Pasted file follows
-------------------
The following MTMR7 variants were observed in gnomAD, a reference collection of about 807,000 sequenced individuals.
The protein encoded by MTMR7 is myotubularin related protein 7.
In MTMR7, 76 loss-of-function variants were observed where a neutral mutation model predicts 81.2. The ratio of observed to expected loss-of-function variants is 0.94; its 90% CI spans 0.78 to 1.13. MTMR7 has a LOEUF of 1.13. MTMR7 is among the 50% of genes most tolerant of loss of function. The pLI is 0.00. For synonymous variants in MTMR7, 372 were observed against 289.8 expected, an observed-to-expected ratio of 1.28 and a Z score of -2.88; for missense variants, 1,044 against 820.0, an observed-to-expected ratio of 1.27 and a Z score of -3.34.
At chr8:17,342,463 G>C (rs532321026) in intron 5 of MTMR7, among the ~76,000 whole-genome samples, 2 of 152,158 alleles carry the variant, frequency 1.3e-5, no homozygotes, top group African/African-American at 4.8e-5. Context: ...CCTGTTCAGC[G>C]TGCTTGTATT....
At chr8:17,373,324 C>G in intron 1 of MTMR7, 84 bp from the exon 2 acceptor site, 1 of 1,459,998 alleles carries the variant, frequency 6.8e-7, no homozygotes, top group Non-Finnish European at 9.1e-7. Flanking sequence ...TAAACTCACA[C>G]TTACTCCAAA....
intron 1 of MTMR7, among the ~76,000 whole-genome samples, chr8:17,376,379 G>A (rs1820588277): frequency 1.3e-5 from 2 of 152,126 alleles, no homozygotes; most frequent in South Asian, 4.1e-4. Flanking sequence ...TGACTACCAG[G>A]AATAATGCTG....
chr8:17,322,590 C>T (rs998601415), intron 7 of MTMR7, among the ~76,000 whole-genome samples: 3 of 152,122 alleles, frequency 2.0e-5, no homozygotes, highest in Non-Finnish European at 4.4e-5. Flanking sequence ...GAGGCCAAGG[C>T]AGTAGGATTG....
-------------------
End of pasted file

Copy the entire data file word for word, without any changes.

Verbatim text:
The following MTMR7 variants were observed in gnomAD, a reference collection of about 807,000 sequenced individuals.
The protein encoded by MTMR7 is myotubularin related protein 7.
In MTMR7, 76 loss-of-function variants were observed where a neutral mutation model predicts 81.2. The ratio of observed to expected loss-of-function variants is 0.94; its 90% CI spans 0.78 to 1.13. MTMR7 has a LOEUF of 1.13. MTMR7 is among the 50% of genes most tolerant of loss of function. The pLI is 0.00. For synonymous variants in MTMR7, 372 were observed against 289.8 expected, an observed-to-expected ratio of 1.28 and a Z score of -2.88; for missense variants, 1,044 against 820.0, an observed-to-expected ratio of 1.27 and a Z score of -3.34.
At chr8:17,342,463 G>C (rs532321026) in intron 5 of MTMR7, among the ~76,000 whole-genome samples, 2 of 152,158 alleles carry the variant, frequency 1.3e-5, no homozygotes, top group African/African-American at 4.8e-5. Context: ...CCTGTTCAGC[G>C]TGCTTGTATT....
At chr8:17,373,324 C>G in intron 1 of MTMR7, 84 bp from the exon 2 acceptor site, 1 of 1,459,998 alleles carries the variant, frequency 6.8e-7, no homozygotes, top group Non-Finnish European at 9.1e-7. Flanking sequence ...TAAACTCACA[C>G]TTACTCCAAA....
intron 1 of MTMR7, among the ~76,000 whole-genome samples, chr8:17,376,379 G>A (rs1820588277): frequency 1.3e-5 from 2 of 152,126 alleles, no homozygotes; most frequent in South Asian, 4.1e-4. Flanking sequence ...TGACTACCAG[G>A]AATAATGCTG....
chr8:17,322,590 C>T (rs998601415), intron 7 of MTMR7, among the ~76,000 whole-genome samples: 3 of 152,122 alleles, frequency 2.0e-5, no homozygotes, highest in Non-Finnish European at 4.4e-5. Flanking sequence ...GAGGCCAAGG[C>T]AGTAGGATTG....